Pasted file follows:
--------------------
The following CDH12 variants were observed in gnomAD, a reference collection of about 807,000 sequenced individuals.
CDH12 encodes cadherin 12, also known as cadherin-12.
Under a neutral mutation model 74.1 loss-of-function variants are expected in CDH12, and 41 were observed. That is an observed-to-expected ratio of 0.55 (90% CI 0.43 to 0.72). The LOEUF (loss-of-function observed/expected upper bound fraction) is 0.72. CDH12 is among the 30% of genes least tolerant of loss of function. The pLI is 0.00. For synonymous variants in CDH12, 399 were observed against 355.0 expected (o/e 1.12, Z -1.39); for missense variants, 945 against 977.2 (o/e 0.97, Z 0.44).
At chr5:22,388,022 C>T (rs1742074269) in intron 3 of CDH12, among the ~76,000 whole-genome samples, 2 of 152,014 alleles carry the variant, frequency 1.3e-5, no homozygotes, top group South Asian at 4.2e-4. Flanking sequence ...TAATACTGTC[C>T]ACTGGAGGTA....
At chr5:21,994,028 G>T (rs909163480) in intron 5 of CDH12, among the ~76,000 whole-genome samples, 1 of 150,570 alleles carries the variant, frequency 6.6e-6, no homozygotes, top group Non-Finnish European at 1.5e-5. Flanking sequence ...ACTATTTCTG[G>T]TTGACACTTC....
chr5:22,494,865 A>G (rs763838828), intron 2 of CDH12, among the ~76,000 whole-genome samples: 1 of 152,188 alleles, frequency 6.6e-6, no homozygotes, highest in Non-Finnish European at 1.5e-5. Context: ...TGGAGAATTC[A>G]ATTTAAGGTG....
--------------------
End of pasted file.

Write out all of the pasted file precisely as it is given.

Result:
The following CDH12 variants were observed in gnomAD, a reference collection of about 807,000 sequenced individuals.
CDH12 encodes cadherin 12, also known as cadherin-12.
Under a neutral mutation model 74.1 loss-of-function variants are expected in CDH12, and 41 were observed. That is an observed-to-expected ratio of 0.55 (90% CI 0.43 to 0.72). The LOEUF (loss-of-function observed/expected upper bound fraction) is 0.72. CDH12 is among the 30% of genes least tolerant of loss of function. The pLI is 0.00. For synonymous variants in CDH12, 399 were observed against 355.0 expected (o/e 1.12, Z -1.39); for missense variants, 945 against 977.2 (o/e 0.97, Z 0.44).
At chr5:22,388,022 C>T (rs1742074269) in intron 3 of CDH12, among the ~76,000 whole-genome samples, 2 of 152,014 alleles carry the variant, frequency 1.3e-5, no homozygotes, top group South Asian at 4.2e-4. Flanking sequence ...TAATACTGTC[C>T]ACTGGAGGTA....
At chr5:21,994,028 G>T (rs909163480) in intron 5 of CDH12, among the ~76,000 whole-genome samples, 1 of 150,570 alleles carries the variant, frequency 6.6e-6, no homozygotes, top group Non-Finnish European at 1.5e-5. Flanking sequence ...ACTATTTCTG[G>T]TTGACACTTC....
chr5:22,494,865 A>G (rs763838828), intron 2 of CDH12, among the ~76,000 whole-genome samples: 1 of 152,188 alleles, frequency 6.6e-6, no homozygotes, highest in Non-Finnish European at 1.5e-5. Context: ...TGGAGAATTC[A>G]ATTTAAGGTG....